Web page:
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Hoffmann, R. A wiki for the life sciences where authorship matters. Nature Genetics (2008)

Cortisol and catecholamines in posttraumatic stress disorder: an epidemiologic community study.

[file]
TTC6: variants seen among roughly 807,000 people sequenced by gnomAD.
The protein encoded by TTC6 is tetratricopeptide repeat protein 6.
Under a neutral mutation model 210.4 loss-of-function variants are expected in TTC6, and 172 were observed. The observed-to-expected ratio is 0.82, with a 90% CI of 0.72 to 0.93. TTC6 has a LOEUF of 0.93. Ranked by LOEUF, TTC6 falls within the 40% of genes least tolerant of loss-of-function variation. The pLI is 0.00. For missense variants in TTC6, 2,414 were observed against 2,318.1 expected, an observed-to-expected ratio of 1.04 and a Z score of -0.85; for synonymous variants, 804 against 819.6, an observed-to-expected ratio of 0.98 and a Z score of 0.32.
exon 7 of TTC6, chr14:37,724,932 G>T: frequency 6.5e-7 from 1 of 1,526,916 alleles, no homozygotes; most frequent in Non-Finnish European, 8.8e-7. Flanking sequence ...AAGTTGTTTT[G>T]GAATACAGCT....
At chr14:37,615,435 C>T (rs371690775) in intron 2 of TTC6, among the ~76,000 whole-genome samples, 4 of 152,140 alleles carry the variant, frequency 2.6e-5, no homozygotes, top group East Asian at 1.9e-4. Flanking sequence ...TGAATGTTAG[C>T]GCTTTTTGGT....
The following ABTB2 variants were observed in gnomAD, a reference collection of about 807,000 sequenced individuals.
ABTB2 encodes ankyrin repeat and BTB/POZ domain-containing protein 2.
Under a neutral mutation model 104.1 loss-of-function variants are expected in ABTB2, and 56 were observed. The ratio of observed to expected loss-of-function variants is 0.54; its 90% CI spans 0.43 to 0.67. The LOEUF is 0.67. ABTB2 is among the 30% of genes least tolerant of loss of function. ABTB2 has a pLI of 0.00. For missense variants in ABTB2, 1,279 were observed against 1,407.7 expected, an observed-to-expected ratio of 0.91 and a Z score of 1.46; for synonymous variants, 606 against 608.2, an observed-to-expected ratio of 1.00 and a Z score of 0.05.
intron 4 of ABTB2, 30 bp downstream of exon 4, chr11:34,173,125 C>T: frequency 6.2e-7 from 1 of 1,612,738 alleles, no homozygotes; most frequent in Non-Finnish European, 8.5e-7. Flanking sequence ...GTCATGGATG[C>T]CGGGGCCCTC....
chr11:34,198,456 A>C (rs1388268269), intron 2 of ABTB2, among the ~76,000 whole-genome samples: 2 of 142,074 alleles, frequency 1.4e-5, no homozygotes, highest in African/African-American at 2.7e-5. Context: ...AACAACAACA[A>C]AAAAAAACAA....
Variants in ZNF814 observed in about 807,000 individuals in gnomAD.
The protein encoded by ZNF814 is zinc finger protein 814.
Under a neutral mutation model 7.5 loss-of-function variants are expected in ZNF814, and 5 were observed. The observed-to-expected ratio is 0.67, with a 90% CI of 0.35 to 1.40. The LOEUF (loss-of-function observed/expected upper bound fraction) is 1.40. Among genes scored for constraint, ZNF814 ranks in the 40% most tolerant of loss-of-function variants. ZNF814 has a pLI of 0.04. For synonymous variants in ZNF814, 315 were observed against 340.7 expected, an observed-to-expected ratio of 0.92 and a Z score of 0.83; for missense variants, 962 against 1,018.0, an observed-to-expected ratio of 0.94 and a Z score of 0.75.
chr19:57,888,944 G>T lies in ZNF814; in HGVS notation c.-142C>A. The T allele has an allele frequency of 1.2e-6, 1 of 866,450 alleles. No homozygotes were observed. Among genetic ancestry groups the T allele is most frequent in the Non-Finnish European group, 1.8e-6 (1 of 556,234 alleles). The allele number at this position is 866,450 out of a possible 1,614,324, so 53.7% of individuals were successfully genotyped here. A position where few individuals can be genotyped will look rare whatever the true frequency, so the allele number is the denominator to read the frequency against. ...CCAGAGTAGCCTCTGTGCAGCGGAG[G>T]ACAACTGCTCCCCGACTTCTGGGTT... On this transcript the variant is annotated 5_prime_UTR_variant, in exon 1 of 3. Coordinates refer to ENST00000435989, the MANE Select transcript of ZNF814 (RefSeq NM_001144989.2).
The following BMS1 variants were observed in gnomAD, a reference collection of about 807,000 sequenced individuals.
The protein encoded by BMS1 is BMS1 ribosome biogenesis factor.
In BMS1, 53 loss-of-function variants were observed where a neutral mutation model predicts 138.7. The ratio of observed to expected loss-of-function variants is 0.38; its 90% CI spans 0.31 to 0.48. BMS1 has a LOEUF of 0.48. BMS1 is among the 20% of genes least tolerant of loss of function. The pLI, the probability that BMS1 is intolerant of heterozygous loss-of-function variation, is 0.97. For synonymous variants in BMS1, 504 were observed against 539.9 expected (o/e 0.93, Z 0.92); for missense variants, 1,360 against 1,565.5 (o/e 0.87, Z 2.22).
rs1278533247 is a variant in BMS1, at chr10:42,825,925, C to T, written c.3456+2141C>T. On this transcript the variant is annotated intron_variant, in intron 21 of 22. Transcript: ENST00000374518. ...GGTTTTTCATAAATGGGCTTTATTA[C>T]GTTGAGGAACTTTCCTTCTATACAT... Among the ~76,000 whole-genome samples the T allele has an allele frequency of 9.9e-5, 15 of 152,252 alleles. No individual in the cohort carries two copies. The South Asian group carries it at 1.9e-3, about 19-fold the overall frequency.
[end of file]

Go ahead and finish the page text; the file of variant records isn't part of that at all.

BACKGROUND: Prior research has connected posttraumatic stress disorder (PTSD) to increased levels of catecholamines. However, studies of cortisol levels have produced mixed results. OBJECTIVE: To examine urinary catecholamine and cortisol levels in individuals with PTSD in a community sample. DESIGN: A representative cohort of young adult community residents, assessed periodically during a 10-year period for exposure to trauma and PTSD, was used to select a subset for urine collection studies conducted in a sleep laboratory across 2 consecutive nights and the intermediate day. SETTING: The sample of young adults was randomly selected from a large health maintenance organization and is representative of the geographic area except for the extremes of the socioeconomic status range. PARTICIPANTS: A subsample was selected from the 10-year follow-up cohort (n = 913; 91.1% of the initial sample). Eligibility criteria were: (1) persons exposed to trauma during the preceding 5 years, (2) other individuals who met PTSD criteria, and (3) a random preselected subsample. Of 439 eligible individuals, 292 (66.5%) participated, including 69 with lifetime PTSD. MAIN OUTCOME MEASURES: Measures of cortisol and catecholamine levels in urine. RESULTS: The lifetime PTSD group demonstrated significantly higher catecholamine levels than the group exposed to trauma without PTSD and the nonexposed group. Individuals exposed to trauma without PTSD demonstrated significantly lower urine catecholamine levels than the nonexposed and the PTSD groups. Mean cortisol levels did not differ across groups. When analyzed by comorbidity with major depressive disorder ( MDD), the PTSD-only group did not differ in cortisol levels from the groups with neither PTSD nor MDD. Women with MDD plus PTSD demonstrated significantly higher cortisol levels than women with neither disorder or with either disorder alone. CONCLUSIONS: Trauma per se does not lead to sustained increases in cortisol or catecholamine levels. Posttraumatic stress disorder is associated with higher catecholamine levels. In contrast, persons with PTSD had neither an increase nor a decrease in mean urinary cortisol levels. Women with PTSD and comorbid MDD had higher cortisol levels.[1]


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